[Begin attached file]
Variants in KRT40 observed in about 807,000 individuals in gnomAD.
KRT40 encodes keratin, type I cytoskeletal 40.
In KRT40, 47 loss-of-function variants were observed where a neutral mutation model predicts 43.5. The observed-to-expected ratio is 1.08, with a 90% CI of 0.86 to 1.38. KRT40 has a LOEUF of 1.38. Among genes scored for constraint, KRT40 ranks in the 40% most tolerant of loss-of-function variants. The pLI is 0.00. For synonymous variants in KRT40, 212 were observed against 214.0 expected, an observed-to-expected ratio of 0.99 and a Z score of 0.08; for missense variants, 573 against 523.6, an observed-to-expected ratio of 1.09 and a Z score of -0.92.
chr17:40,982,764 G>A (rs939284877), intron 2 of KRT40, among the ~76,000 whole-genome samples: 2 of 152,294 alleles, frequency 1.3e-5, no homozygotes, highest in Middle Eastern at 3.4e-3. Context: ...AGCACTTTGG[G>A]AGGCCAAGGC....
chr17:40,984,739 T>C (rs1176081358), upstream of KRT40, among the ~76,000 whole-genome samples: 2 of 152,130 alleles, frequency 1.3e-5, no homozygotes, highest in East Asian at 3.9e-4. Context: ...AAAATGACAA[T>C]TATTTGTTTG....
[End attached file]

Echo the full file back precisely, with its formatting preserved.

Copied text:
Variants in KRT40 observed in about 807,000 individuals in gnomAD.
KRT40 encodes keratin, type I cytoskeletal 40.
In KRT40, 47 loss-of-function variants were observed where a neutral mutation model predicts 43.5. The observed-to-expected ratio is 1.08, with a 90% CI of 0.86 to 1.38. KRT40 has a LOEUF of 1.38. Among genes scored for constraint, KRT40 ranks in the 40% most tolerant of loss-of-function variants. The pLI is 0.00. For synonymous variants in KRT40, 212 were observed against 214.0 expected, an observed-to-expected ratio of 0.99 and a Z score of 0.08; for missense variants, 573 against 523.6, an observed-to-expected ratio of 1.09 and a Z score of -0.92.
chr17:40,982,764 G>A (rs939284877), intron 2 of KRT40, among the ~76,000 whole-genome samples: 2 of 152,294 alleles, frequency 1.3e-5, no homozygotes, highest in Middle Eastern at 3.4e-3. Context: ...AGCACTTTGG[G>A]AGGCCAAGGC....
chr17:40,984,739 T>C (rs1176081358), upstream of KRT40, among the ~76,000 whole-genome samples: 2 of 152,130 alleles, frequency 1.3e-5, no homozygotes, highest in East Asian at 3.9e-4. Context: ...AAAATGACAA[T>C]TATTTGTTTG....